According to lead author of the report Lotfi Belkhir, an associate professor at W. Booth School of Engineering at the university, projections suggest that by 2020 smartphones will be the most damaging consumer devices for the environment, exceeding emissions from the use of laptops and PCs.
Smartphones consume relatively little energy when operating, but 85 per cent of their emissions impact come from their production.
Further, smartphones have a short battery life which encourages the production of newer and more sophistacated models. In addition, a smartphones's chip and motherboard include a number of precious metals, the extraction and processing of which requires the most energy and investment of all the parts of a smartphone.
There are external impacts too. Every text or call sent or website browsed also uses energy in the form of the data centres that are required to process the communications.
"Telecommunications networks and data centres consume a lot of energy to serve you and most data centres continue to be powered by electricity generated by fossil fuels. It's the energy consumption we don't see," said Belkhir.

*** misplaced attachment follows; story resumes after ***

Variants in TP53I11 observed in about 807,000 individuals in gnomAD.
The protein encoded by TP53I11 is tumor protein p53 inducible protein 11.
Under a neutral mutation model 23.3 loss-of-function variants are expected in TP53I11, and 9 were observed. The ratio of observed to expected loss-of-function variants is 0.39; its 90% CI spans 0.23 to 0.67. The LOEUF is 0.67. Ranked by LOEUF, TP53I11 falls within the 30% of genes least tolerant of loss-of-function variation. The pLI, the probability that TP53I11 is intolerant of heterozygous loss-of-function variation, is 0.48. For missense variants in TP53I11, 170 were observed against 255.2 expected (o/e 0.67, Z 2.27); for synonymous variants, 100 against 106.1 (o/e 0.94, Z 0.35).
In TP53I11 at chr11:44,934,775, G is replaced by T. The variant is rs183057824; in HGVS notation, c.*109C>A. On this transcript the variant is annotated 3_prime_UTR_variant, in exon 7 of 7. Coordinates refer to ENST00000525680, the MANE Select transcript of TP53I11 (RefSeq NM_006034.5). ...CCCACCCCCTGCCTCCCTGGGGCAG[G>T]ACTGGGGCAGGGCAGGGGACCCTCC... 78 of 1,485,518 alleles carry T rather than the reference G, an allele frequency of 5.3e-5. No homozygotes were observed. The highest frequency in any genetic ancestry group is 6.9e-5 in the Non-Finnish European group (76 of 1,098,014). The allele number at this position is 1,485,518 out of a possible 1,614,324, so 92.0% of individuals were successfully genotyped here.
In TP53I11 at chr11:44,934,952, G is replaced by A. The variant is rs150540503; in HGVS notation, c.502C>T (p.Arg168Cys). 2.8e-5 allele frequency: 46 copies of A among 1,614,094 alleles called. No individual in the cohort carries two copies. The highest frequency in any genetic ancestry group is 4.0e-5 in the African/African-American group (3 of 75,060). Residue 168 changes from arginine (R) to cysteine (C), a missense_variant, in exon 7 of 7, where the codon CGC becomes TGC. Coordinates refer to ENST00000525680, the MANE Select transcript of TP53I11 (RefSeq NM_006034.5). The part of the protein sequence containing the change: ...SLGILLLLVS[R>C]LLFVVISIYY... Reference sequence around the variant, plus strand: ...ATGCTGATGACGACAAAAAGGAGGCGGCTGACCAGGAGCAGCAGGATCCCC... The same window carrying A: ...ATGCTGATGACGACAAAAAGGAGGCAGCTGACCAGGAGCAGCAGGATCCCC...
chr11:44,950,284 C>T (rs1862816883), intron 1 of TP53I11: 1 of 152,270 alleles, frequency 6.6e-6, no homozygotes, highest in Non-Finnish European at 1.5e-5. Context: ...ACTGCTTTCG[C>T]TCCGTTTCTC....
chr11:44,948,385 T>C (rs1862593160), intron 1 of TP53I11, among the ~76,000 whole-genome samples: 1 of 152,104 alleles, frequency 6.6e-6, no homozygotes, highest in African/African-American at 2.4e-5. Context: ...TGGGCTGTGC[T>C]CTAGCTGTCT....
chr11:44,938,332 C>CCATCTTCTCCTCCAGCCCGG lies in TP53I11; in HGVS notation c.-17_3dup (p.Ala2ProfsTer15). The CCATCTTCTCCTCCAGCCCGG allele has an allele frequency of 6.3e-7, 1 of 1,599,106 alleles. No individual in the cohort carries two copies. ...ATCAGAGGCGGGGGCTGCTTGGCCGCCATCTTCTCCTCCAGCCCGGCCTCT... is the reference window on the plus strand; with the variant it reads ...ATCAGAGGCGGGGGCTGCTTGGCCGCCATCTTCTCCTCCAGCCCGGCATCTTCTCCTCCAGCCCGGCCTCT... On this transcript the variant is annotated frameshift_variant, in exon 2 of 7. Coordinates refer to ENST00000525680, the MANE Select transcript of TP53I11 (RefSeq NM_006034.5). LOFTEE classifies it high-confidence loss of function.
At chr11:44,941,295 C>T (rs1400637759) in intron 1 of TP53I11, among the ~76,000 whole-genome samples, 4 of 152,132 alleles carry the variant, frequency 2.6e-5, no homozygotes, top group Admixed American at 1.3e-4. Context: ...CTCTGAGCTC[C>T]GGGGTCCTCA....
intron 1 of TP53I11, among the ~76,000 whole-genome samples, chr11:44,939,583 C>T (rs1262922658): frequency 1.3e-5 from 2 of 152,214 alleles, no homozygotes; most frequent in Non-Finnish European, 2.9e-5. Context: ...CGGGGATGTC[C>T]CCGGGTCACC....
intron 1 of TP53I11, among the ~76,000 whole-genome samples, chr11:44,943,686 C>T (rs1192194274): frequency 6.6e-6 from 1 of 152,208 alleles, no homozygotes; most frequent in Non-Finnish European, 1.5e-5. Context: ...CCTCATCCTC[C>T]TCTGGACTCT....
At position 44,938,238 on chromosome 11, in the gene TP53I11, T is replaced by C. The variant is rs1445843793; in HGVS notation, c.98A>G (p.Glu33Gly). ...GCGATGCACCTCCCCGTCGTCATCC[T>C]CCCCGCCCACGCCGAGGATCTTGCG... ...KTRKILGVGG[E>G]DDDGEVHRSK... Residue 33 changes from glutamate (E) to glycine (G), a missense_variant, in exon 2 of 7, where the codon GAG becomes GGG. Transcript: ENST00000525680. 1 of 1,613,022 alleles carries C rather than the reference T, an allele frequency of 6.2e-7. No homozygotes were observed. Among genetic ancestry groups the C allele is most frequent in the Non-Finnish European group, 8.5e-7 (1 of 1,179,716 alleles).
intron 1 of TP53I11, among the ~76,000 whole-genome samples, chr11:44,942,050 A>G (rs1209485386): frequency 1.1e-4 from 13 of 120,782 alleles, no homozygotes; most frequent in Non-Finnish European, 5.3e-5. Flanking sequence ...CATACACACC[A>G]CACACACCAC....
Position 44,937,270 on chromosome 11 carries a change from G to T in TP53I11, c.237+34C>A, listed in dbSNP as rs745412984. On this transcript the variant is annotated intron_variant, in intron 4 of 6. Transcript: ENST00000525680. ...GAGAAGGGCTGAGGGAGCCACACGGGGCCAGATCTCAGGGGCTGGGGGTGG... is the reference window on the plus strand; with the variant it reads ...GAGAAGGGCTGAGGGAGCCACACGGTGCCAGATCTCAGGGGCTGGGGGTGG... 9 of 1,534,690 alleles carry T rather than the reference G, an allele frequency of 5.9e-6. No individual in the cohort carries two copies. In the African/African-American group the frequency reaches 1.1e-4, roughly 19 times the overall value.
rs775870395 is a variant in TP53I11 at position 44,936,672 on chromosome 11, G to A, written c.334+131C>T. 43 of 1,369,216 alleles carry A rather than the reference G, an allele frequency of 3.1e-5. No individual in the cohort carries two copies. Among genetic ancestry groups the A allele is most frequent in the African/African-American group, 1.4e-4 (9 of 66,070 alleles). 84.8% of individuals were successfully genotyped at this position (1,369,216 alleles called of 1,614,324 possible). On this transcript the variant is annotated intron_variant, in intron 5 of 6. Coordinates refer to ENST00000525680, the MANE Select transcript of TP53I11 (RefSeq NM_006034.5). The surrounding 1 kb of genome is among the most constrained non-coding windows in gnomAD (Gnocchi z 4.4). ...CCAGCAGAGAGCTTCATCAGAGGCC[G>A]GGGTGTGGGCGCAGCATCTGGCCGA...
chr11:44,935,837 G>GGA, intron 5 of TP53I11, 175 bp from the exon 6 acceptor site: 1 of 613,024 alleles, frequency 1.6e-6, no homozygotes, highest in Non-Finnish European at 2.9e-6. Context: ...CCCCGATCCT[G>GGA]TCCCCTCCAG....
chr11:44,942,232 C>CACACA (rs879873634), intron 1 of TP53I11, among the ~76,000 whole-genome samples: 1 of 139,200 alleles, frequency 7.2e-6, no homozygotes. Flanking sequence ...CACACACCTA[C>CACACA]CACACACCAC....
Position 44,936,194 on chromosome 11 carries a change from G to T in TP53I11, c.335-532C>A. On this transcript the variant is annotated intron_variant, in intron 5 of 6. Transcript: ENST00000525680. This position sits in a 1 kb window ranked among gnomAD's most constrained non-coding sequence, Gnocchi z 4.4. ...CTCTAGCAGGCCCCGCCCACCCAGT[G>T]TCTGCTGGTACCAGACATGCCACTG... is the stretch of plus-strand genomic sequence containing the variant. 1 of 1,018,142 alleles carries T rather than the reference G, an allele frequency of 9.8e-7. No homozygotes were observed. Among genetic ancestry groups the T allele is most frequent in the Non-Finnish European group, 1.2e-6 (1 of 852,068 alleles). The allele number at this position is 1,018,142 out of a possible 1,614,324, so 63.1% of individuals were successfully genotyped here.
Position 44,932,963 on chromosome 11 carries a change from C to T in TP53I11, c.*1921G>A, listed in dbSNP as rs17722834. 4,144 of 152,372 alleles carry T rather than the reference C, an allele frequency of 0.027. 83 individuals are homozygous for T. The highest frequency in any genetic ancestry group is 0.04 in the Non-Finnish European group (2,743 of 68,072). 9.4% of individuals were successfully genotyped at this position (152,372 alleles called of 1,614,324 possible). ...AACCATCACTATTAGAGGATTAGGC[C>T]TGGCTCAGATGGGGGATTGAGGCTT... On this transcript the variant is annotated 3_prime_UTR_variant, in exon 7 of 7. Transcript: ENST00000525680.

Led by internet giants Google and Facebook, many data centres are moving towards renewable sources of energy. Smartphone production needs to follow suit in cleaning up its act, the report suggests.
"The good news is Google and Facebook data centres are going to run on renewable energy," Belkhir said.
"But there needs to be a policy in place so that all data centres follow suit. Also, it's not sustainable to have a two-year subsidised plan for smartphones."
Overll ICT represents one of the fastest growing sources of emissions.
"Today it sits at about 1.5 per cent. If trends continue, ICT will account for as much as 14 per cent of the total global footprint by 2040, or about half of the entire transportation sector worldwide," said Belkhir.